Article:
Hustling to the top, these Pinays are making bank and keeping it there with proper prioritization. Financial management is one thing they keep in mind, but treating yourself wisely is also another. Investing in yourself is one thing both Bea and Cams advise women to achieve financial success. “Make it something close to your heart,” says Bea, who pursued her personal fulfillment over a high-stress job as a director in her company. For her part, an e-lancing Cams shares, “My biggest splurge would be short courses and certificate classes, and attending conferences abroad for new skills.”
Take a peek into the breakdown of their monthly expenses—and, more importantly, investments—and take away valuable money advice that you can apply to your own personal finances (and maybe even venture into a new business or franchise):
Bea, Business Development in Marketing
Estimated Monthly Income: P55,000 to P60,000
While taking the lead in the business development of a marketing firm took up her time, Bea made sure to slow down every week with her practice as a yoga instructor. Married for three years and a recent mother to a handsome Siberian Husky, Bea says her habits have definitely changed from when she was living with her parents. “When I was single, I could care less about savings. I'd indulge on things [like] trips and food that ‘nourished’ me. But now that I'm married, thinking about how to build for the future is priority: Kids, future house, travel plans, and emergency money.”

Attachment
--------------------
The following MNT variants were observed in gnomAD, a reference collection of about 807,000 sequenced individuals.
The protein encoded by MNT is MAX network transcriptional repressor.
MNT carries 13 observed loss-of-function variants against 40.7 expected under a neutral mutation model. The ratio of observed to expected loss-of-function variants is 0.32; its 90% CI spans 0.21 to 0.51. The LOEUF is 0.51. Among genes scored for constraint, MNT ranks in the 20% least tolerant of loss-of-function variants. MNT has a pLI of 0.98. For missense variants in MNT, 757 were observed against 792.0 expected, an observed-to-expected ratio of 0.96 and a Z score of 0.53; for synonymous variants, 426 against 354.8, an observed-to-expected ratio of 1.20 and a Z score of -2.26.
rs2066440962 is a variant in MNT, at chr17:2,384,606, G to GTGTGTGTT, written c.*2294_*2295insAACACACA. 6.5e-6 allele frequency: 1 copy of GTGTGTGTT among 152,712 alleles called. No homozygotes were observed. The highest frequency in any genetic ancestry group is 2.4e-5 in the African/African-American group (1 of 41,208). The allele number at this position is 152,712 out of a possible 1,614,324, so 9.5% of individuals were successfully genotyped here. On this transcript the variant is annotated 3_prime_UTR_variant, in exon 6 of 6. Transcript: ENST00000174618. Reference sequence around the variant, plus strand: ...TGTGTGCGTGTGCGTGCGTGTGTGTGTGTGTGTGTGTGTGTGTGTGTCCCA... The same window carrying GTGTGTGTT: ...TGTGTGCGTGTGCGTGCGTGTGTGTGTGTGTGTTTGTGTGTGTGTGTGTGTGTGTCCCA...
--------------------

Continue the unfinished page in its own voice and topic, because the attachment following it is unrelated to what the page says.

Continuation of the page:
The Monthly Breakdown
“All household expenses are care of my husband,” shares Bea. “Personal daily expenses are mine including a car loan, but all my money is with my husband as he is the one consolidating the savings.”
Transportation, Food, and Miscellaneous: About P14,000 (P3,500 per week)
Car Loan Payment: P14,000
Shopping: P 5,000
Money Tip: List it down.
Most Filipinos don’t actually know how much they are spending until they write it down. This one simple habit can change the way you manage your money. “Initially, I didn’t think that getting a dog would stress our finances, but we did our Excel sheet vis-à-vis our current expenses and we knew that we had to spend between P5,000 to 10,000 more.”
Cams, Operations in E-Commerce
Estimated Monthly Income: P80,000 to 100,000
From her desk at a co-working space, Cams is churning out some boss woman hard work. Just this year, she decided to change her approach to finances and it has literally paid off. “I read about a retirement home functioning as a cruise ship going across Europe that will start by 2020. What better way to retire and meet people, right?” says Cams, “So I have to start saving as early as now.”
The Monthly Breakdown
When she’s not handling operations for her business, Cams does e-design and creates content. Since she has side hustles that make her income fluctuate (in a good way), the following breakdown is in estimated percentages.
Savings, Retirement, and Emergency Funds (55%): P44,000
Rent, Utilities, Food, Grocery, Home Maintenance, Transportation, Laundry, Housekeeping, and Leisure (35%): P28,000
Retirement (20%): P16,000
Money Tip: Don’t touch it.
A large part of Cams’ income doesn’t even go to her ATM. “I have set up an auto-debit transaction [where] a specific amount, [is] distributed to multiple goals and investments that I have,” she shares.